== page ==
Can continuing clubs turn out badly? It certainly could, if declarer is 2-2 in the minors -- something like ♠QJxxxx ♥AKx ♦Ax ♣Qx. This would leave partner with ♠xxx ♥Jxxx ♦xx ♣Jxxx. Is this a 5♥ call? It could very well be opposite a heart-club 2-suiter. There is zero defense against 4♠. 5♥ might be a decent save, might push the opponents to 5♠ down 1, or might obstruct their slam decision.
Which should you play for? It isn't totally clear, but it is probably better to exit safely with a heart and hope declarer has a doubleton diamond. The reason is that for the club continuation to be a winner not only must declarer have 4 clubs but he also must have one of the trump holdings which is vulnerable to a promotion. For the club continuation to be wrong all that is needed is for declarer to be 2-2 in the minors.
You choose to continue clubs. Declarer discards a diamond from dummy and ruffs in his hand. He plays ♠Q, and a spade to dummy's ace. He then leads the ♦Q. Partner plays the ♦10, declarer the ♦J, and you win your king. What do you return?
It is clear that declarer started with ♦AJx. If he had a doubleton AJ, he would have ruffed your club return in dummy, discarded his ♦J, and he would easily have been able to ruff any losing hearts in dummy. You should simply lead a diamond, giving partner a ruff.
You wrongly shift to a heart. Declarer easily claims. The full hand is:
Do you agree with North's pull of the double?
North's hand does look offensively oriented. However, North has already shown heart shortness. Suppose one of North's diamonds were a heart, and instead of doubling South had made a forcing pass. It would be clear for North to double, since he really doesn't have anything over and above what he has shown. Therefore, it follows that while North would certainly not double if South had made a forcing pass, when South doubles North should sit since he doesn't really have anything extra other than a void instead of a singleton. South can make a sensible evaluation opposite North's known shortness, and if South is trying to shut North up North should respect this decision. Bidding 5♠ was quite costly, turning +500 into -100.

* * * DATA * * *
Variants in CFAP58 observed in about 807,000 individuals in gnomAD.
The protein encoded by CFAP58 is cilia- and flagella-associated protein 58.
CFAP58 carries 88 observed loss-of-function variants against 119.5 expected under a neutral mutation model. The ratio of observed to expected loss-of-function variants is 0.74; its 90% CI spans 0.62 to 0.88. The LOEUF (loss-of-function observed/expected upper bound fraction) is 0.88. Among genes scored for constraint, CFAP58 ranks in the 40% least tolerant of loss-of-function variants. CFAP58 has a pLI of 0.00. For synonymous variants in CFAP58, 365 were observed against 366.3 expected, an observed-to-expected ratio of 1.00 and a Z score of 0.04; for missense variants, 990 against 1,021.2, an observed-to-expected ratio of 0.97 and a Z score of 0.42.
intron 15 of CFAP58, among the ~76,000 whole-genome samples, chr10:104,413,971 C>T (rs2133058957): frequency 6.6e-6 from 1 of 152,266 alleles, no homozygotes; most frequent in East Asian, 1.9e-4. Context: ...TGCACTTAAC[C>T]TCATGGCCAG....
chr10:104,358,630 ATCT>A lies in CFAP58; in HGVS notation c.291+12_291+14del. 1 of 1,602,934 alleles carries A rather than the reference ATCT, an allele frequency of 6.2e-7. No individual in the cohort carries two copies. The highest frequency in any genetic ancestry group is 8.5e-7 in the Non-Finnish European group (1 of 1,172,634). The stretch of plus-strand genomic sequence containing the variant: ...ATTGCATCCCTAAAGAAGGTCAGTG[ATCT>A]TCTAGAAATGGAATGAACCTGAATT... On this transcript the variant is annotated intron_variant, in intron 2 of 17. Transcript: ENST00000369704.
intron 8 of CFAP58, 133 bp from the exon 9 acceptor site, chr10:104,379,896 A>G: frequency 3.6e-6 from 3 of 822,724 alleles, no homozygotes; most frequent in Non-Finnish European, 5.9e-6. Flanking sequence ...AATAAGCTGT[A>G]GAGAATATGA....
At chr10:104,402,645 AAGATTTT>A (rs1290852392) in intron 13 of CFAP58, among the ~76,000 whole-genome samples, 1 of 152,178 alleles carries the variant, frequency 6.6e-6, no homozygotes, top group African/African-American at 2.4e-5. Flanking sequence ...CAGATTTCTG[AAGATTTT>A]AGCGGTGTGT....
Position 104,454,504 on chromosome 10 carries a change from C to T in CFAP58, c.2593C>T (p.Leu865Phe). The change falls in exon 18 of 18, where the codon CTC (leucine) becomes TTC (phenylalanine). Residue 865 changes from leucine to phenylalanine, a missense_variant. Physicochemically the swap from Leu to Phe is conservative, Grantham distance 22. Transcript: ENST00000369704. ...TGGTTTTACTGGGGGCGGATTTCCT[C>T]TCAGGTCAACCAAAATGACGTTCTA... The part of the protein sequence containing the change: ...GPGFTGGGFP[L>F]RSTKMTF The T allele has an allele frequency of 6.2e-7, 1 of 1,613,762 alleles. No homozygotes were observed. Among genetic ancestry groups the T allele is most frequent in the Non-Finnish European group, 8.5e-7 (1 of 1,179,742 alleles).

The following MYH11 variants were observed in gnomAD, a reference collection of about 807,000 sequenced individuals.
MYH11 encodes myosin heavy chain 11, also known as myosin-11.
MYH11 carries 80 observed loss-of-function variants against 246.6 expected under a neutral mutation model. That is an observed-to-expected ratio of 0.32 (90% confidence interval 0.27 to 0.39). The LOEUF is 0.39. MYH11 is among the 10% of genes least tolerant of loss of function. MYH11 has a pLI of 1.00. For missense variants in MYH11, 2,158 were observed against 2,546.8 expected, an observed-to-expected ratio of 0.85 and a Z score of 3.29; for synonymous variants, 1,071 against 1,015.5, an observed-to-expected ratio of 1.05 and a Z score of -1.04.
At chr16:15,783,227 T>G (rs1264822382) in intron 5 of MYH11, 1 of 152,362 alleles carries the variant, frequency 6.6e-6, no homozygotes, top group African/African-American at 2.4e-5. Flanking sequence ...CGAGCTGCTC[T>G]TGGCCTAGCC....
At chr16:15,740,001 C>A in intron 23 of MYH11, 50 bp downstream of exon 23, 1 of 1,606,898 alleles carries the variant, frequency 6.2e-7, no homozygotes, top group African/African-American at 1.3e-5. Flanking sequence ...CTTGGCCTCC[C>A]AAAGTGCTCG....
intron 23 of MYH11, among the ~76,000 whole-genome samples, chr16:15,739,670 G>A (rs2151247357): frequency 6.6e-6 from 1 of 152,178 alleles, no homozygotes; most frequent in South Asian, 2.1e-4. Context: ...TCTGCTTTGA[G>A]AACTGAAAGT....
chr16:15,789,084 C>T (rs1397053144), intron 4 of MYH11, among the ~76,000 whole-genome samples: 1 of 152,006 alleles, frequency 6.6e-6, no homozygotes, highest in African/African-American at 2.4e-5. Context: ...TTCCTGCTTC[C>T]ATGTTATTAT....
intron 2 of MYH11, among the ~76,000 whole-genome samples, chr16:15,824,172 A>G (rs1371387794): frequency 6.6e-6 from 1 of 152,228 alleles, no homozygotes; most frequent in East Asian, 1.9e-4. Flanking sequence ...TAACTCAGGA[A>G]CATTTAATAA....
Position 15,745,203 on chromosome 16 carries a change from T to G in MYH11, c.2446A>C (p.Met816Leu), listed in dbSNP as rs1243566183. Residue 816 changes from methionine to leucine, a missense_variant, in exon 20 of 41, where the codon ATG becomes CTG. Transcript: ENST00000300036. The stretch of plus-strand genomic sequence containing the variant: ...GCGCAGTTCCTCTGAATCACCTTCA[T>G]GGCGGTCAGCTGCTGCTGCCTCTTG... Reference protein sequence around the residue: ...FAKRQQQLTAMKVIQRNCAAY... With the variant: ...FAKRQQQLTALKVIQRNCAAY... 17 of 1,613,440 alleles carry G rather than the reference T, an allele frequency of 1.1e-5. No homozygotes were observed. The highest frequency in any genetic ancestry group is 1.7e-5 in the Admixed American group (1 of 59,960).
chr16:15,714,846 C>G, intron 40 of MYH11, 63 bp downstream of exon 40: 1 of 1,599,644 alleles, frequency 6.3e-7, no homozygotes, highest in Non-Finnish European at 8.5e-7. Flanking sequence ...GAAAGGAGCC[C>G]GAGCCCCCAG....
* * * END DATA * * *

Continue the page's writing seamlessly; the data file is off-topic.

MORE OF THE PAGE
Do you agree with East's bidding?
East could have made a pass or correct bid of 2♥, but that wouldn't do any damage to the enemy bidding. If West could be 5-4, making the pass or correct bid at the 3-level might wind up going for too big a number, particularly if West happens to have diamonds and spades.
Once East found out that West was willing to commit to the 3-level by himself, taking the 5♥ save looks fine. East knows that 4♠ has to be cold, and 5♥ probably won't go for more than 500 and certainly not more than 800. The 5♥ call could cause the opponents to take a losing action.
If East knew he would be catching a 5-card suit in his partner's hand, he could have reasonably safely bid 3♥, pass or correct, over 2♦, taking away a lot of bidding room for N-S. It is for this reason that I believe CRASH calls should be reserved for hands which are at least 5-5. It isn't the CRASH bid which does the damage. It is the pass or correct bid by the partner of the CRASH bidder in front of the strong club hand which causes opponents problems. You want to be able to make this pass or correct call as high as possible, and if you know you will be finding partner with at least 5-5 you can be much more liberal. With a 5-4 hand, just overcall the 5-card suit, and if that doesn't strike gold, forget it.
Plus... it's free!